Salud Mental 2019;

ISSN: 0185-3325

DOI: 10.17711/SM.0185-3325.2019.007

Received: 3 November 2018 Accepted: 5 February 2019

Transgender identity and cryptorchidism: A case study

Tania Real Quintanar 1 , Rebeca Robles García 1 , María Elena Medina-Mora 1 , Juan Carlos Jorge 2 , Lucía Vázquez Pérez 3


1 Centro de Investigación en Salud Mental Global, Dirección de Investigaciones Epidemiológicas y Psicosociales, Instituto Nacional de Psiquiatría Ramón de la Fuente Muñíz, Mexico City, Mexico.

2 Departamento de Anatomía y Neurobiología, Escuela de Medicina, Universidad de Puerto Rico, San Juan, Puerto Rico.

3 Departamento de Investigaciones Epidemiológicas y Psicosociales, Dirección de Investigaciones Epidemiológicas y Psicosociales, Instituto Nacional de Psiquiatría Ramón de la Fuente Muñíz, Mexico City, Mexico.

Rebeca Robles García Centro de Investigación en Salud Mental Global, Dirección de Investigaciones Epidemiológicas y Psicosociales, Instituto Nacional de Psiquiatría Ramón de la Fuente Muñíz. Calzada México-Xochimilco 101, San Lorenzo Huipulco, Tlalpan, 14370, Ciudad de México, México. Phone: 4160 – 5143 Email: reberobles@imp.edu.mx


Abstract:
Introduction. There is a wide range of possible combinations in relation to sex at birth, gender identity, and sexual orientations. Specific medical and psychological treatment needs may also vary depending on these combinations.
Objective. In order to promote interventions that focus on the perceived needs of those directly involved, the aim of the present case study is to describe the clinical and life experiences of a 43-year old transgender woman with cryptorchidism and examine the interplay between this relative common testicular problem at birth, gender identity, and sexual orientation formation processes from her own perspective.
Method. An in-depth interview was conducted at a specialized care centre in Mexico City, Mexico. The interview was audio recorded and transcribed for a content analysis.
Results. The case under analysis was assigned to the male sex and identified herself as a transgender woman and lesbian. Although it is not possible to conclude that her gender identity or sexual orientation is related to her antecedent of cryptorchidism, as she reflected on her related negative experiences, she concluded that her gender identity and sexual orientation trajectories, as well as her life in general, would have been completely different if there were no clinical interventions in her early development.
Discussiona and conclusion. The present case could have been benefited from not receiving early treatment for her cryptorchidism. There is an urgent need for the development of standardized protocols or algorithms for physical and mental health care professionals, which focus on supportive guidance rather than adjustment to parental and medical expectations.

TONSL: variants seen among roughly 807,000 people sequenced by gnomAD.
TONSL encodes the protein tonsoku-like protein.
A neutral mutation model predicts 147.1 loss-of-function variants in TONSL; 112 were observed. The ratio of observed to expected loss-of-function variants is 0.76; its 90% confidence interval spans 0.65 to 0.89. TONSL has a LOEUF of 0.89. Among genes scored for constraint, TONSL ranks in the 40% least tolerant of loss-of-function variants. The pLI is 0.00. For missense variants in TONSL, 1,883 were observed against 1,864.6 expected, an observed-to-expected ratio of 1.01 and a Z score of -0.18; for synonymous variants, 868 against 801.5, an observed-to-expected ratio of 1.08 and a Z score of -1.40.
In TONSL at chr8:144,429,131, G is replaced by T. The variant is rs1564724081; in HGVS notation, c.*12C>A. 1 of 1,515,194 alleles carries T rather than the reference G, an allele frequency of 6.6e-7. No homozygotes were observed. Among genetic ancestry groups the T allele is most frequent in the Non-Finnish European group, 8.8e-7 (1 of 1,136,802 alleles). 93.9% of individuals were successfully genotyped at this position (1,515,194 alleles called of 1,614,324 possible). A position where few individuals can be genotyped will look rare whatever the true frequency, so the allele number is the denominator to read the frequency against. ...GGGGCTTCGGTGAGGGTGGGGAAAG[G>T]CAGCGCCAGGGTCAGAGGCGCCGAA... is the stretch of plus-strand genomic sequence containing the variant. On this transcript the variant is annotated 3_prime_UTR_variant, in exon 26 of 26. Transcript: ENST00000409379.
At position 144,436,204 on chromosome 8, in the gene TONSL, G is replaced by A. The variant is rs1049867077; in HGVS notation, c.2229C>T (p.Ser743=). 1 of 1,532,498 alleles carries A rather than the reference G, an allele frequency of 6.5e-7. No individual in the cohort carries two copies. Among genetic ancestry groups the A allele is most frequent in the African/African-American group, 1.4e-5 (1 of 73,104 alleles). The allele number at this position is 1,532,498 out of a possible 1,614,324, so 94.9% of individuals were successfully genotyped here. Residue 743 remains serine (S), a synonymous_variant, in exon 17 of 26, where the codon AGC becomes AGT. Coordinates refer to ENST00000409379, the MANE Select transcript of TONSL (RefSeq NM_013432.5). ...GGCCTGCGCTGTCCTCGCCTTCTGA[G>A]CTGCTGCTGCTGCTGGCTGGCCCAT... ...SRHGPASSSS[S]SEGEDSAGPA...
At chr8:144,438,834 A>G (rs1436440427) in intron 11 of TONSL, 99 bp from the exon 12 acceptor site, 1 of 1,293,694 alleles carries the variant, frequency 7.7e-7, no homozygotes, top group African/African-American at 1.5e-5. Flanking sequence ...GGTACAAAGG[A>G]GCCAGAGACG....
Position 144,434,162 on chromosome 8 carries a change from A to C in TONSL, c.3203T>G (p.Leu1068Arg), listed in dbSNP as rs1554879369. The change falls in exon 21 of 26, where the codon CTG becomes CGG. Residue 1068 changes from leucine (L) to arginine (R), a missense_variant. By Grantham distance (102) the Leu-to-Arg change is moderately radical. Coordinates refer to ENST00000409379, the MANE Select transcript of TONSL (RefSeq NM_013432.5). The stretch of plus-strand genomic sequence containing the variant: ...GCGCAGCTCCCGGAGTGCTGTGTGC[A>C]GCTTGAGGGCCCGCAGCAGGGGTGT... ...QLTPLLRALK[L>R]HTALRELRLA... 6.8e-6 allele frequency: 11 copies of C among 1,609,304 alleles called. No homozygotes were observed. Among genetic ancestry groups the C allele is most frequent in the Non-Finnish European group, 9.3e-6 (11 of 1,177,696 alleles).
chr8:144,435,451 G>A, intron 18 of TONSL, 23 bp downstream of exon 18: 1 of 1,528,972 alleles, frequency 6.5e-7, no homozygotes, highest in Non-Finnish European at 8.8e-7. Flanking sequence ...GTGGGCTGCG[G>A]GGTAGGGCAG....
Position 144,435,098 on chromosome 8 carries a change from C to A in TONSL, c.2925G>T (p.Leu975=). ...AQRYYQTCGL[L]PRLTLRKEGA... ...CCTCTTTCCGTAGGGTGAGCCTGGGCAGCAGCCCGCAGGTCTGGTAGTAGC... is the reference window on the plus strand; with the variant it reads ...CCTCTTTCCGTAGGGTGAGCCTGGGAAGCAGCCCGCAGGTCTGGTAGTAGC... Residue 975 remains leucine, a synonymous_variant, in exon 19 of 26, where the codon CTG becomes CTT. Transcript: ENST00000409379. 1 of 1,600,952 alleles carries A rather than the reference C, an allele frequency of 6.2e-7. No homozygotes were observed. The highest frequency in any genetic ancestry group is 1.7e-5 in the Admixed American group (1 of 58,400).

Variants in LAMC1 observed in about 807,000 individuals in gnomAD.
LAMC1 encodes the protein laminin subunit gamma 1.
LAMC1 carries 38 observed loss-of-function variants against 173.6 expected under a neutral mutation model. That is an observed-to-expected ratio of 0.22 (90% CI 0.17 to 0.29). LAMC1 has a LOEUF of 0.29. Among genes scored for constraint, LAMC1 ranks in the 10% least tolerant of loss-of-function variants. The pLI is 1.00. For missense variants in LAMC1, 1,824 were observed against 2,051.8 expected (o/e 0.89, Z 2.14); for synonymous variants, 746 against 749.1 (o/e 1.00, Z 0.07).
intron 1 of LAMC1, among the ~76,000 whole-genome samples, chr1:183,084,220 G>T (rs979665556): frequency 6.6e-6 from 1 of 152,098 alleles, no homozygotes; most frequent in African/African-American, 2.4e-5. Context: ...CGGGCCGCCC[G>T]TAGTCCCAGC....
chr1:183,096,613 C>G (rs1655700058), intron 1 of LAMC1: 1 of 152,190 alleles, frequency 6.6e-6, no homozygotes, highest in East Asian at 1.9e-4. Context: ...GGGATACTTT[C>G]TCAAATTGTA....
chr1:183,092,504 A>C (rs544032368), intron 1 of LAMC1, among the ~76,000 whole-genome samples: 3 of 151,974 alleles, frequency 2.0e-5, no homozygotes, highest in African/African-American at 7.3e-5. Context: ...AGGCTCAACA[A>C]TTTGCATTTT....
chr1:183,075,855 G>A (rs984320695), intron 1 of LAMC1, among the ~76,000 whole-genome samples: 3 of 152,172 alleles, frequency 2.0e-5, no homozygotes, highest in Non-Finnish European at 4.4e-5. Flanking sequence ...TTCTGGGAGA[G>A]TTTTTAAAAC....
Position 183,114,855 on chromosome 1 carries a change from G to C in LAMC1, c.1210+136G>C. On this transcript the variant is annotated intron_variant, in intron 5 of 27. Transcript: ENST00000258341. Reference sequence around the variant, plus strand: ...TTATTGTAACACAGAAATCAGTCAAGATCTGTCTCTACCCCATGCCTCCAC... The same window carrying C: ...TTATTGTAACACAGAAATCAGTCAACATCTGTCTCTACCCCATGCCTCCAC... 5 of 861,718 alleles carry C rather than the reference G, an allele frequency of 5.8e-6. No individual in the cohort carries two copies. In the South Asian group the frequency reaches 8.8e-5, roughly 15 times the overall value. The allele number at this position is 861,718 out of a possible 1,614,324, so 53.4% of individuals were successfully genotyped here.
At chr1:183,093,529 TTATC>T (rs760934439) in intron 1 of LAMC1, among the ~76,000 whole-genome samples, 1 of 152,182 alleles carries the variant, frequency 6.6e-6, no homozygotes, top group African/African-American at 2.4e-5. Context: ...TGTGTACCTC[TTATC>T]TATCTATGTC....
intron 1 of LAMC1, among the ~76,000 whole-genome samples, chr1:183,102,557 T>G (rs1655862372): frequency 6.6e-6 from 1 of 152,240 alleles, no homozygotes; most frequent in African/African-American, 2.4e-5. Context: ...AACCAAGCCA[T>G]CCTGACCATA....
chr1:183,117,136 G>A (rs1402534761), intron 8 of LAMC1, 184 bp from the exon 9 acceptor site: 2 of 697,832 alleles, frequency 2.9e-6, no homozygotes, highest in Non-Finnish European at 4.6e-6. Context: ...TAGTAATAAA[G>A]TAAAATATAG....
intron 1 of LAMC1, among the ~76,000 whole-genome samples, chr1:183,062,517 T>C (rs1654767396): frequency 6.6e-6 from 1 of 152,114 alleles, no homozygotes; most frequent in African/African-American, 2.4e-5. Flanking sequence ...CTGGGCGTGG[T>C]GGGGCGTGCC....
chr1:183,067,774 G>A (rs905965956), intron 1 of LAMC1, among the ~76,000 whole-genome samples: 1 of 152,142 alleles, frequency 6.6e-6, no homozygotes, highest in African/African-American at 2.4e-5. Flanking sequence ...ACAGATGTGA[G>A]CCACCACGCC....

Keywords: Gender identity, transgender, gender, psychological intervention, case study.

Resumen: Este artículo presenta la historia clínica y de vida de una mujer transexual con criptorquidia al nacer. Nuestro objetivo es presentar un estudio de caso en que la identidad transgénero y la criptorquidia, una condición testicular común en niños e identidades trans, podrían cumplir un papel en los procesos de formación de identidad de género. La interacción entre la identidad de género y la orientación sexual también se presenta como entrevistas semiestructuradas destinadas a recopilar datos sobre intervenciones clínicas tempranas según lo informado por la persona. Abogamos por un algoritmo psicológico que abarque la comunicación interprofesional específicamente diseñada para las personas con diferencias de sexo/género, centrándose en la orientación de apoyo en lugar de ajustarse a las expectativas médicas y de los padres.

Palabras clave: Identidad de género, transgénero, género, intervención psicológica, estudio de caso.




Introduction

The attainment of gender identity is a complex process that, ultimately, guarantees the psychological well-being of the individual beyond the realm of personal identity and sexuality. This intricate process includes physical, psychological, social, emotional, and, for some people, spiritual domains. Therefore, biological and psychological aspects of human gender and sexuality are deeply intertwined as reflected, but not limited to, behaviour, desire, affects, roles, relationships, values, and culture (Lamas, 2012).